Turbo Vision is a C++ library that provides a very nice user interface for console applications. This UNIX port is based on Borland's version 2.0 with fixes. It was made to create RHIDE, a nice IDE for gcc and other GNU compilers. The library supports /dev/vcsa devices for fast access to local consoles, and it uses ncurses to run from telnet and xterm. This port, in contrast to the Sigala's port, doesn't have "100% compatibility with the original library" as goal. Instead, many modifications were made for the sake of security (especially buffer overflows). This port is also available for the original platform (DOS).
Turn Watcher is a tool based on Dungeons & Dragons rules. It is used to track the initiative of your players and monsters. It includes an option to roll initiative on every round, roll will, listen, and spot, and it has a status column that shows you the current status of your players. When you enter a player or monster, you also enter all of its modifiers, so the computer can take care of rolling all the dice for you. Still want to roll initiative? You can simply order the characters with the Move Up and Move Down options.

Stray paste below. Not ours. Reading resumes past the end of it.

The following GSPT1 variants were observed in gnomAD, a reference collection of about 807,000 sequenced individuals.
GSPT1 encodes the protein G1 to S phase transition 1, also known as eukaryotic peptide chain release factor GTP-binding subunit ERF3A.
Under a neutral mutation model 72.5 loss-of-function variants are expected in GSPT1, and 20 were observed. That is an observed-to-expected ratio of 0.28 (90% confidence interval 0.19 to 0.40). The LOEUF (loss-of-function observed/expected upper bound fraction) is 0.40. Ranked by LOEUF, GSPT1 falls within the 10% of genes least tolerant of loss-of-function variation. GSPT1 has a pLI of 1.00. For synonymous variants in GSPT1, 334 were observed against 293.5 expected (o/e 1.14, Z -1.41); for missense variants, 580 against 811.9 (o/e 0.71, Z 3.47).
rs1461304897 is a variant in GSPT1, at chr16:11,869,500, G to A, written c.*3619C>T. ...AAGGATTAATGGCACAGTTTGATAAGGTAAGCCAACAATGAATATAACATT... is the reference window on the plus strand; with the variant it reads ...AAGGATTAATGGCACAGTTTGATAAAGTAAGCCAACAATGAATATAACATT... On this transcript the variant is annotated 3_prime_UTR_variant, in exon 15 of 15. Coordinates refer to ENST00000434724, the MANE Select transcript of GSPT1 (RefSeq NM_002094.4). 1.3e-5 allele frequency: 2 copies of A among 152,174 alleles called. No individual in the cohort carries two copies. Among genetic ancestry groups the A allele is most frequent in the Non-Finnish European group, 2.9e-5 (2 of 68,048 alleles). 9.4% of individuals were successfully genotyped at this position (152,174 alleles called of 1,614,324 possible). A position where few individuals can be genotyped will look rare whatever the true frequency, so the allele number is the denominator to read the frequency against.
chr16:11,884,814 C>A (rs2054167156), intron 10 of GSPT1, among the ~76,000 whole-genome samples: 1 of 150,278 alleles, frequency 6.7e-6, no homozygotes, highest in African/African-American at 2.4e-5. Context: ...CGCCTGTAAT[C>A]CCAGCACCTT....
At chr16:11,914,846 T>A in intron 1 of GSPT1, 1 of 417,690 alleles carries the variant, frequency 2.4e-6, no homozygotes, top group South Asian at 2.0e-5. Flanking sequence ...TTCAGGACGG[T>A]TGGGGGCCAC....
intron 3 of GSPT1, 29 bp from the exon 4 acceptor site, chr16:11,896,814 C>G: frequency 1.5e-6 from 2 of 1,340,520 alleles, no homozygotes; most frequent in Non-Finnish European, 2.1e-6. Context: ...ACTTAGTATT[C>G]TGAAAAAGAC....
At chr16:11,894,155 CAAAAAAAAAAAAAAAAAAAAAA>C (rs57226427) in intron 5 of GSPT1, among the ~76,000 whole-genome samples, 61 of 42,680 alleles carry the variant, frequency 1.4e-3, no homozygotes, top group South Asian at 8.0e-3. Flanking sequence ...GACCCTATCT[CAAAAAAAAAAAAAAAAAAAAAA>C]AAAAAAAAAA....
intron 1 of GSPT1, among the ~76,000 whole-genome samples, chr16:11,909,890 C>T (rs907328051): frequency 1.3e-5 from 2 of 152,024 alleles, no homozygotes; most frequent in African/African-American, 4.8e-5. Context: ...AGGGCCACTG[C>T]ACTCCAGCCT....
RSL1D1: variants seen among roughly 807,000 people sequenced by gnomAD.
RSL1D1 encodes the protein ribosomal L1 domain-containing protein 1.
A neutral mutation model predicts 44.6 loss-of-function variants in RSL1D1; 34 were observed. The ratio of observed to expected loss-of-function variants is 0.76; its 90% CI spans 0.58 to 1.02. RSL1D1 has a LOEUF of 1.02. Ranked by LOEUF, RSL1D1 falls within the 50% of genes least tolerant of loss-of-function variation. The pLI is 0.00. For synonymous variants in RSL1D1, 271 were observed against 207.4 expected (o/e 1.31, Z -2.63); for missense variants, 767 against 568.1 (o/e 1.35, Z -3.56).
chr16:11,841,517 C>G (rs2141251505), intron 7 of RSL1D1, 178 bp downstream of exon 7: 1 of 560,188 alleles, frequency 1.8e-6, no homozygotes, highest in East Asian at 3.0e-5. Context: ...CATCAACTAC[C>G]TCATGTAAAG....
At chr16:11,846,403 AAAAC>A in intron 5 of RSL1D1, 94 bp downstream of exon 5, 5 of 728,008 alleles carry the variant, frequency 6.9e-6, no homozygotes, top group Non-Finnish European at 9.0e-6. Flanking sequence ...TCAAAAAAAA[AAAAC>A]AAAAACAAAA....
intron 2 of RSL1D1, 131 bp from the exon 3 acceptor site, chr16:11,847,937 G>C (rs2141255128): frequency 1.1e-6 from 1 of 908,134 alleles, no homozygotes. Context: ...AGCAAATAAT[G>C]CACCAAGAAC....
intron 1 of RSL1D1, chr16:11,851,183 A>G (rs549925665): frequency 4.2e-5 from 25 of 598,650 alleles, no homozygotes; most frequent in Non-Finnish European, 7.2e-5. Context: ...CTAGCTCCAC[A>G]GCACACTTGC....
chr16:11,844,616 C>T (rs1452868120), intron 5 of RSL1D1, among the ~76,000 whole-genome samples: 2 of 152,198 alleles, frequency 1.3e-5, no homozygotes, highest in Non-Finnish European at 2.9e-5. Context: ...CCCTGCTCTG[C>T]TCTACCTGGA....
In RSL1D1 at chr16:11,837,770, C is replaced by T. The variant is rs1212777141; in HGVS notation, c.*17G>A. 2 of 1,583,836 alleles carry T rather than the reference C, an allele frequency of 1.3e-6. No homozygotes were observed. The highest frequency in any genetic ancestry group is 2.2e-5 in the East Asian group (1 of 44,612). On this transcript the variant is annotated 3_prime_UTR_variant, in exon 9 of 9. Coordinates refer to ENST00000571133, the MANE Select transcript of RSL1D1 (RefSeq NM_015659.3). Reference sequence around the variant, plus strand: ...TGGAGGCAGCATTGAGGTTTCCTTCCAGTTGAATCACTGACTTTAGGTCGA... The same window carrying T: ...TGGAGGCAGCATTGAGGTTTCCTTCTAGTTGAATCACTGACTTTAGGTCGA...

Tux Paint is a simple and entertaining drawing program geared towards young children. It has a simple interface, sound effects, and a cartoon character (Tux, the Linux penguin). Along with drawing brush strokes, lines and shapes, you can also enter text and place "rubber stamp" (or "sticker") images on the picture. Tux Paint is extensible, and could be useful in an educational environment (such as a grammar, elementary, or grade school). It's portable across numerous platforms, and runs well even on slower systems like the Pentium 133MHz.
TuxWordSmith is similar to the classic word game "Scrabble", but with Unicode support for multiple languages and character sets. The game is currently distributed with 42 dictionary resources for playing Language[i]-Language[j] "Scrabble". For example, if configured to use the French-German dictionary, then the distribution of available tiles will be computed based on frequency of occurrence of each character of Language[i] (French), and, for each submission, the corresponding definition will be given in Language[j] (German).